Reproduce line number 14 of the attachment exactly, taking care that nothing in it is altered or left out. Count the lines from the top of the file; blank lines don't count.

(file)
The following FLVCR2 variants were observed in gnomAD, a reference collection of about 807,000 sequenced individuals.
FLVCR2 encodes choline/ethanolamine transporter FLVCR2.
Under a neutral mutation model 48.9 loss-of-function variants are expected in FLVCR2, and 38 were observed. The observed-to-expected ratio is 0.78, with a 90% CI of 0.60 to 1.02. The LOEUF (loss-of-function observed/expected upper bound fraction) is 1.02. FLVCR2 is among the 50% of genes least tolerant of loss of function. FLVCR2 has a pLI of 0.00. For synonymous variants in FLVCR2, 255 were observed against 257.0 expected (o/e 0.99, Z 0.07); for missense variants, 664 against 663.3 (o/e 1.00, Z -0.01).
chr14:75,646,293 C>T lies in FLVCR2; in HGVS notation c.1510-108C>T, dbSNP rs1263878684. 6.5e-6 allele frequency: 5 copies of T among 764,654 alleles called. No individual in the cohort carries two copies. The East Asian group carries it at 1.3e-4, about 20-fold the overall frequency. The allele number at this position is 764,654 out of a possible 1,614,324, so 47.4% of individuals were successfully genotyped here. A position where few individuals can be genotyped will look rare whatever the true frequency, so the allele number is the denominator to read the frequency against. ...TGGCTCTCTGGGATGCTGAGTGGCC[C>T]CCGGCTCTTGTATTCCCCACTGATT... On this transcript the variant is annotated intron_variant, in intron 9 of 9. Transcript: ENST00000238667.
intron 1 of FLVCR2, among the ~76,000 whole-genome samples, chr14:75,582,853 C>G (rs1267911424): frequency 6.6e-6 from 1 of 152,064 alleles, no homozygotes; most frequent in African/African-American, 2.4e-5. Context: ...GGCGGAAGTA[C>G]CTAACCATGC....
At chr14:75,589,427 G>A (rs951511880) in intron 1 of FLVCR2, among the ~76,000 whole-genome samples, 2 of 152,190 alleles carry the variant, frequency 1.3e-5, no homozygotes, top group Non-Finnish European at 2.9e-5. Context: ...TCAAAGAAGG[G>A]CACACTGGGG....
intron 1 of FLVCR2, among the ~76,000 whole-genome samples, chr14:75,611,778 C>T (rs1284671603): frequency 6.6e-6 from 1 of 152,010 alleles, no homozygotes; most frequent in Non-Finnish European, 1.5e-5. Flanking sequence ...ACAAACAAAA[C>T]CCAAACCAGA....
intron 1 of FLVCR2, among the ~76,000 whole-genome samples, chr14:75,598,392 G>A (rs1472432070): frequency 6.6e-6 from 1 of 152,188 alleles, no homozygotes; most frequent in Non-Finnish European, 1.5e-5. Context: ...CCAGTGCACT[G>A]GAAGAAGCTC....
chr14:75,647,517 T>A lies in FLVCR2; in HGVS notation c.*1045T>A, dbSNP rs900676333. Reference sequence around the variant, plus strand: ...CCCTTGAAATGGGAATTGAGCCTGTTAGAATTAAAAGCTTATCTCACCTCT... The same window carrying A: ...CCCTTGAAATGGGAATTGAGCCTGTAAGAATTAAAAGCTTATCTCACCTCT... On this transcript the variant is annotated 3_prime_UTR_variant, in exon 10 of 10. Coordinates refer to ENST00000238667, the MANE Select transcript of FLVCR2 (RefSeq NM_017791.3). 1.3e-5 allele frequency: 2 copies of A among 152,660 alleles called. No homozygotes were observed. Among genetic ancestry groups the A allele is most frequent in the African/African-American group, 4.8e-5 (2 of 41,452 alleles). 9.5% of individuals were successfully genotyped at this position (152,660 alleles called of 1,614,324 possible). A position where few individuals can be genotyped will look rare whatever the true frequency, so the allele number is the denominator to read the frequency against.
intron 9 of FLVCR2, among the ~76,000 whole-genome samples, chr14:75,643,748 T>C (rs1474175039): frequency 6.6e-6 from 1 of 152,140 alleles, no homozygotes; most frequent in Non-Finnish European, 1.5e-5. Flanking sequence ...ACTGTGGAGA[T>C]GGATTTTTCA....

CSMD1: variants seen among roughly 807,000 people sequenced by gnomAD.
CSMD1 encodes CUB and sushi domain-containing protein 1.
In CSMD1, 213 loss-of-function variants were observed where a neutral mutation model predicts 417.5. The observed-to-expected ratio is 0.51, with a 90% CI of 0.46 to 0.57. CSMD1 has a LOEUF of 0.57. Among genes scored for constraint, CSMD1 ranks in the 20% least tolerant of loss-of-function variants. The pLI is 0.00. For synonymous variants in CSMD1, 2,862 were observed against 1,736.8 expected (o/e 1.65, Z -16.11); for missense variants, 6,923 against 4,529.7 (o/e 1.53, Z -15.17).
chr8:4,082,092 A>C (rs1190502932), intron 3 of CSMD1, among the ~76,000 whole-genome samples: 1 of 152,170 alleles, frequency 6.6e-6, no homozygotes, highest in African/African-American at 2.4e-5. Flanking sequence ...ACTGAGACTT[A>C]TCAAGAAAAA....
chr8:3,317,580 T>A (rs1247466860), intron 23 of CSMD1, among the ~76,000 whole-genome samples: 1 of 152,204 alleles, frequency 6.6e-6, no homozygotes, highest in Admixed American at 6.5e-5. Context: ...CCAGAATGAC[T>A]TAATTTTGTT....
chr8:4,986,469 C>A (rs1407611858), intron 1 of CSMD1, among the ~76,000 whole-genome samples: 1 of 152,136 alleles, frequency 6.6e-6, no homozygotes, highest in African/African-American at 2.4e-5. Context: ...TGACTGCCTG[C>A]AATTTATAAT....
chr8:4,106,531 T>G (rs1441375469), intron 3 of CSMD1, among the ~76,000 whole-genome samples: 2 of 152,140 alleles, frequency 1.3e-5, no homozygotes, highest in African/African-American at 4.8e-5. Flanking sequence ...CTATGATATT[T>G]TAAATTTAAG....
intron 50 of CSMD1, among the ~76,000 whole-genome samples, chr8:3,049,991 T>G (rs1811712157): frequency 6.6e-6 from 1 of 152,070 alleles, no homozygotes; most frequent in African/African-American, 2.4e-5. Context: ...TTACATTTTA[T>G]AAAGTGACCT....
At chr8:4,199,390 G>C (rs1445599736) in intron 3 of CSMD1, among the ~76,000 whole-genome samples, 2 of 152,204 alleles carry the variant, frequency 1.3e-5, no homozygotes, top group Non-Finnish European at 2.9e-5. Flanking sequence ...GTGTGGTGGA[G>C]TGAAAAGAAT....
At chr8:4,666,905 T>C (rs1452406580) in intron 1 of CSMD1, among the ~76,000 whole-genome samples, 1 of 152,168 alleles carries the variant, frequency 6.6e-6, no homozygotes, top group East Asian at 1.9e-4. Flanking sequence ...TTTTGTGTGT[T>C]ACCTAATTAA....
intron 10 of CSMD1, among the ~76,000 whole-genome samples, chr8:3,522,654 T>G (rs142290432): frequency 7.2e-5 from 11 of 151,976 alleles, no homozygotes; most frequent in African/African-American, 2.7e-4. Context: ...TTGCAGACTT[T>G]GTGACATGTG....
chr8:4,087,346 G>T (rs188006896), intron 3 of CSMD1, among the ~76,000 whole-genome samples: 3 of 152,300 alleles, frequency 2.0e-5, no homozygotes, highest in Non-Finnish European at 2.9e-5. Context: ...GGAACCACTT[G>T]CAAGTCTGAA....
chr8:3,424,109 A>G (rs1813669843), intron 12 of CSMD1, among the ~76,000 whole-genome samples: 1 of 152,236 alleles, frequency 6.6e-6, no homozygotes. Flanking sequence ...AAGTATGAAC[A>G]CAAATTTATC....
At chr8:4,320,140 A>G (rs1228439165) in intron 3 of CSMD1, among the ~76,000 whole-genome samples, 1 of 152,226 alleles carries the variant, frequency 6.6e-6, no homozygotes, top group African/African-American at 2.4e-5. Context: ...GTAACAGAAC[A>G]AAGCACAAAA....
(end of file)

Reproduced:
chr8:4,082,092 A>C (rs1190502932), intron 3 of CSMD1, among the ~76,000 whole-genome samples: 1 of 152,170 alleles, frequency 6.6e-6, no homozygotes, highest in African/African-American at 2.4e-5. Flanking sequence ...ACTGAGACTT[A>C]TCAAGAAAAA....